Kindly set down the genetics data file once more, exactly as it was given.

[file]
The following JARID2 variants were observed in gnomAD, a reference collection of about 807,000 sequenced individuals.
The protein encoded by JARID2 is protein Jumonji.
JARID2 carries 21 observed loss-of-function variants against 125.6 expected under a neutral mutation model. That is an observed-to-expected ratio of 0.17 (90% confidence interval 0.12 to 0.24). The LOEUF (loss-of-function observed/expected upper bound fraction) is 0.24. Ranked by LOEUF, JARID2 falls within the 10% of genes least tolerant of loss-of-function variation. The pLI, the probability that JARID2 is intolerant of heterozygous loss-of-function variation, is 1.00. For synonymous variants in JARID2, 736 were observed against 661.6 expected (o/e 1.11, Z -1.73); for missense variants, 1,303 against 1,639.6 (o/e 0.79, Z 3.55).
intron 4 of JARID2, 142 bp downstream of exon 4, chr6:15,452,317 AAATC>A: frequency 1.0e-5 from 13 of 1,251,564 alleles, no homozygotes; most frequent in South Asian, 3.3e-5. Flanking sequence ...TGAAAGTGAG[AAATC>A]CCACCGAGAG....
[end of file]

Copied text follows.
The following JARID2 variants were observed in gnomAD, a reference collection of about 807,000 sequenced individuals.
The protein encoded by JARID2 is protein Jumonji.
JARID2 carries 21 observed loss-of-function variants against 125.6 expected under a neutral mutation model. That is an observed-to-expected ratio of 0.17 (90% confidence interval 0.12 to 0.24). The LOEUF (loss-of-function observed/expected upper bound fraction) is 0.24. Ranked by LOEUF, JARID2 falls within the 10% of genes least tolerant of loss-of-function variation. The pLI, the probability that JARID2 is intolerant of heterozygous loss-of-function variation, is 1.00. For synonymous variants in JARID2, 736 were observed against 661.6 expected (o/e 1.11, Z -1.73); for missense variants, 1,303 against 1,639.6 (o/e 0.79, Z 3.55).
intron 4 of JARID2, 142 bp downstream of exon 4, chr6:15,452,317 AAATC>A: frequency 1.0e-5 from 13 of 1,251,564 alleles, no homozygotes; most frequent in South Asian, 3.3e-5. Flanking sequence ...TGAAAGTGAG[AAATC>A]CCACCGAGAG....